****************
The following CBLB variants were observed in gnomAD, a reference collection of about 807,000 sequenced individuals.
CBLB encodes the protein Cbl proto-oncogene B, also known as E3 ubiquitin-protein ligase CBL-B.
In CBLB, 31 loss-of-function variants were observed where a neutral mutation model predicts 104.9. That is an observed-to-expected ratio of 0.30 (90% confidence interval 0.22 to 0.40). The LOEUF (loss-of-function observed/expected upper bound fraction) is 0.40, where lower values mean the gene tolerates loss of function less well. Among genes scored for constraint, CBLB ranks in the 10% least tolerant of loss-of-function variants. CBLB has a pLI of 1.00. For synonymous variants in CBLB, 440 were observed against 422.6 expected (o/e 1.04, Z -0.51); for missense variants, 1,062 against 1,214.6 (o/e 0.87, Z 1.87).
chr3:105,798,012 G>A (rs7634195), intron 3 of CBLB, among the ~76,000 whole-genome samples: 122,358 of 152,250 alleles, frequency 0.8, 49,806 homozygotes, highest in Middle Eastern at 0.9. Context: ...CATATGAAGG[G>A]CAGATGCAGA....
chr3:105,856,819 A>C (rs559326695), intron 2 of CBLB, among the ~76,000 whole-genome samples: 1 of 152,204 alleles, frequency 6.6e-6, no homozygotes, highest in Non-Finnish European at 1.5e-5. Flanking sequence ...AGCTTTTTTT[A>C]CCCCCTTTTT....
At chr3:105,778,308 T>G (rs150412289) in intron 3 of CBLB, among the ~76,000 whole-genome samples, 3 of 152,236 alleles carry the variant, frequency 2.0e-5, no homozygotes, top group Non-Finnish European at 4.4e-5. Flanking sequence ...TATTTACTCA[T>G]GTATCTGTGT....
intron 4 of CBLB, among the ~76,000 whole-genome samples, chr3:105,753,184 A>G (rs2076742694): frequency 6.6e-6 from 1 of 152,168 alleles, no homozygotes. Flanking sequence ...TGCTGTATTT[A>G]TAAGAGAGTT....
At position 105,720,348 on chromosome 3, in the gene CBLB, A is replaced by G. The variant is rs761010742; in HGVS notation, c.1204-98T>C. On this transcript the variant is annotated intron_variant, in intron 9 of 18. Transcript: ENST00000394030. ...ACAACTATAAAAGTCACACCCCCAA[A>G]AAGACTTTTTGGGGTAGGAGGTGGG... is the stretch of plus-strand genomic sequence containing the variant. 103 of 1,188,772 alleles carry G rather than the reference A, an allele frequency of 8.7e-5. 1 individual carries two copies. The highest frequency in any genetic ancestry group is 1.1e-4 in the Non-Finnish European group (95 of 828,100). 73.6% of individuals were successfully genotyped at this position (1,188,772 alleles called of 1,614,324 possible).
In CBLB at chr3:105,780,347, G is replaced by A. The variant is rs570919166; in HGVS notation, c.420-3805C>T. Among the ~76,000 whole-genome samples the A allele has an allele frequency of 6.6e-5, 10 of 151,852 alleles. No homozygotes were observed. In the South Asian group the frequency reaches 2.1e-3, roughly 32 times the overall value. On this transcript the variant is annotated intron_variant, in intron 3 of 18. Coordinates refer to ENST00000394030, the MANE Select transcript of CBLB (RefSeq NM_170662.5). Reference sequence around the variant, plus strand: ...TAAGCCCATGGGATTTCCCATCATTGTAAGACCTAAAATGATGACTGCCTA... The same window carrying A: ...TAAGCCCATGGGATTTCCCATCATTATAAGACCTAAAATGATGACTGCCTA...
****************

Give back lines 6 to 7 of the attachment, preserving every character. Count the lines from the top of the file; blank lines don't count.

At chr3:105,778,308 T>G (rs150412289) in intron 3 of CBLB, among the ~76,000 whole-genome samples, 3 of 152,236 alleles carry the variant, frequency 2.0e-5, no homozygotes, top group Non-Finnish European at 4.4e-5. Flanking sequence ...TATTTACTCA[T>G]GTATCTGTGT....
intron 4 of CBLB, among the ~76,000 whole-genome samples, chr3:105,753,184 A>G (rs2076742694): frequency 6.6e-6 from 1 of 152,168 alleles, no homozygotes. Flanking sequence ...TGCTGTATTT[A>G]TAAGAGAGTT....